Judge Obliges Google to Negotiate Compensation With French News Sites

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Google has to negotiate with French media about the so-called ‘neighbouring rights’ to news reports of which the internet giant spreads fragments on its platform.

 

This has been decided by an appeal court in Paris.

The French case will be closely followed in other European countries. France was the first EU country to apply a European directive on related rights to copyright. Those rights provide remuneration for content, mainly photos and videos, which is distributed through online platforms.

Google refused to provide funding and stopped showing previews of news stories if it wasn’t allowed to do so for free.

Because the media groups are highly dependent on traffic from search engines such as Google (between 26 and 90 percent), they could hardly help but agree to Google’s terms and conditions.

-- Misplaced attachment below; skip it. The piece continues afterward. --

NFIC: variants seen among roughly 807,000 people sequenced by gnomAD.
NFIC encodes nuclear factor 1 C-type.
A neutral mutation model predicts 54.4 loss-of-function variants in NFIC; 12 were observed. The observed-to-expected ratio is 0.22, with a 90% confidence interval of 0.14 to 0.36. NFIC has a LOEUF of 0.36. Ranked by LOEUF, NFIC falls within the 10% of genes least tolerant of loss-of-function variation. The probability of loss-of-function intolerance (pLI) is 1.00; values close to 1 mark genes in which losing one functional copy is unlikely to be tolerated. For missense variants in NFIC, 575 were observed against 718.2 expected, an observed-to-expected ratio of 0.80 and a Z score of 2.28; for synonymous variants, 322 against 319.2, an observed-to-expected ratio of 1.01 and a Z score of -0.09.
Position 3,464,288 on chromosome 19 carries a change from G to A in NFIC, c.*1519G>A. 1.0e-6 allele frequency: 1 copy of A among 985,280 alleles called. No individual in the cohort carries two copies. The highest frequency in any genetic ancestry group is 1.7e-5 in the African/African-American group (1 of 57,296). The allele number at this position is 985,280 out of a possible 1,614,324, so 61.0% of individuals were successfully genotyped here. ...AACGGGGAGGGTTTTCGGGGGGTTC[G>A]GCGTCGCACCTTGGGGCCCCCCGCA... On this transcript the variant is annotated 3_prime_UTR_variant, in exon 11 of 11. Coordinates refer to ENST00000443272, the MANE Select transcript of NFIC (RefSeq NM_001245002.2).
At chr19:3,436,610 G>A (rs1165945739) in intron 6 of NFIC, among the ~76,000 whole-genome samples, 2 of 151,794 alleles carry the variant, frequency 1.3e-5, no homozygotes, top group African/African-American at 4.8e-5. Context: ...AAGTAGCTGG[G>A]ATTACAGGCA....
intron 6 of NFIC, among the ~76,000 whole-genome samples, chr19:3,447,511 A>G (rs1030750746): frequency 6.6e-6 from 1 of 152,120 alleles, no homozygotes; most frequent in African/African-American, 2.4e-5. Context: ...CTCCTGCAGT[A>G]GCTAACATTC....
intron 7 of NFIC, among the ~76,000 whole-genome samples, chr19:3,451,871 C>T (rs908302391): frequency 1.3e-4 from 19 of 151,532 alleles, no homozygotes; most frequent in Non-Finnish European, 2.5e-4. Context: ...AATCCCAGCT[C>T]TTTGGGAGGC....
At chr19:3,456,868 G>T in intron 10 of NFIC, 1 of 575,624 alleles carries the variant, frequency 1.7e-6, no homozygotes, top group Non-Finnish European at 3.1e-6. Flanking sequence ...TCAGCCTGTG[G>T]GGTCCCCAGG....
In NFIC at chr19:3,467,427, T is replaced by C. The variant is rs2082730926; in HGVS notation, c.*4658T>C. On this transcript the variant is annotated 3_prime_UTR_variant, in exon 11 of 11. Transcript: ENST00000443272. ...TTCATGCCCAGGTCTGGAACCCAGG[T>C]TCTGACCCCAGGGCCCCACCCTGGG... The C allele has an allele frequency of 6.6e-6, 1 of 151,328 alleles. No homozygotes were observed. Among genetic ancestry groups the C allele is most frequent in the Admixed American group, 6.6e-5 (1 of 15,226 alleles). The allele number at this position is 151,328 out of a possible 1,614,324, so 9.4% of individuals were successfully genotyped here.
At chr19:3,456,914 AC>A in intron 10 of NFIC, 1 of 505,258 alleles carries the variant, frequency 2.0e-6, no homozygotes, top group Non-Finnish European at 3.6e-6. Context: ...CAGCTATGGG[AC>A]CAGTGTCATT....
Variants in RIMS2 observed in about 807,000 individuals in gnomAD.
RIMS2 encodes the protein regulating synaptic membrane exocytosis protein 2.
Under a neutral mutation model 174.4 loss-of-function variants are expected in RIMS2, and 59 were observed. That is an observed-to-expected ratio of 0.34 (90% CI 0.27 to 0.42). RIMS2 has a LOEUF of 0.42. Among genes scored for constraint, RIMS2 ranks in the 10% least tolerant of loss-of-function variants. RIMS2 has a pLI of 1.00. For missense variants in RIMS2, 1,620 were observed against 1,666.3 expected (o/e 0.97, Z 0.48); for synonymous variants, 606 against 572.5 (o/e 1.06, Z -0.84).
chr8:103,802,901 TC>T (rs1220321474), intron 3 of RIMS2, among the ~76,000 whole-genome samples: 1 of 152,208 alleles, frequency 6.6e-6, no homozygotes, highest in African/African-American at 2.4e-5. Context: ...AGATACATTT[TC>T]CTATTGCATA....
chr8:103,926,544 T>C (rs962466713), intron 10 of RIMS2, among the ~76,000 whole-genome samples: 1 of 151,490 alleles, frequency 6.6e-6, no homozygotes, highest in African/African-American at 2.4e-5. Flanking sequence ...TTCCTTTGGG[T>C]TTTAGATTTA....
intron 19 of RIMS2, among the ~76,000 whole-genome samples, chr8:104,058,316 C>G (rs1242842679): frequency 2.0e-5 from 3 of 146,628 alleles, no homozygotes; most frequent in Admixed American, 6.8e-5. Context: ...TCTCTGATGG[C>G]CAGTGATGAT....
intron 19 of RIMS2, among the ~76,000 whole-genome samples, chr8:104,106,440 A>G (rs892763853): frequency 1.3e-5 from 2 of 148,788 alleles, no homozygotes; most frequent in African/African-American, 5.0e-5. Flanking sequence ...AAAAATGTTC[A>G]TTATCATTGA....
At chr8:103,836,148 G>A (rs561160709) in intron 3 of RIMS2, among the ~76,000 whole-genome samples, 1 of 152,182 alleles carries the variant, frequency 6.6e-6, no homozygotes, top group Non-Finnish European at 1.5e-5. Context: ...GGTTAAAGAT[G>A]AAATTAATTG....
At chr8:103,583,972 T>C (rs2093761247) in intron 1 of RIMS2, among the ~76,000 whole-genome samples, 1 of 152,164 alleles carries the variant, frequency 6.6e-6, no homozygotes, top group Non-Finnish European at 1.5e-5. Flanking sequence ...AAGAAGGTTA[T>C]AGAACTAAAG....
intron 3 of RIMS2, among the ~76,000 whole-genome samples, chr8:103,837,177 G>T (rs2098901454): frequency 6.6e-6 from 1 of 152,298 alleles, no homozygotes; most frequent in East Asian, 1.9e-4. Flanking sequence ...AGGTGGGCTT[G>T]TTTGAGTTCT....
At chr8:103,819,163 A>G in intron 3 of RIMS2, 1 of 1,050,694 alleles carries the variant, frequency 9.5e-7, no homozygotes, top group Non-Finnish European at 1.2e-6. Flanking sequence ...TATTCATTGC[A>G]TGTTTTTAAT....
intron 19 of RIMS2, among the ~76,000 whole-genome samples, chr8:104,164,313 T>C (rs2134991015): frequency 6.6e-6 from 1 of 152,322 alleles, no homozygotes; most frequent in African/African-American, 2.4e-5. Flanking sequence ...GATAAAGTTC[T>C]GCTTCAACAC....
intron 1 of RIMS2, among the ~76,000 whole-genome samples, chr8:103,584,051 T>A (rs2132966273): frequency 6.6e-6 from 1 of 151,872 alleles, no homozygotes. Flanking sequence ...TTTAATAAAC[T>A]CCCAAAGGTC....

On April 9, the French publishers got the competition authority on their side. The Autorité de la Concurrence obliged Google to negotiate the fees.

The American internet giant then went to court, but cannot be proved right. Earlier this week, Google announced that it is ‘close to an agreement’ with the publishers.

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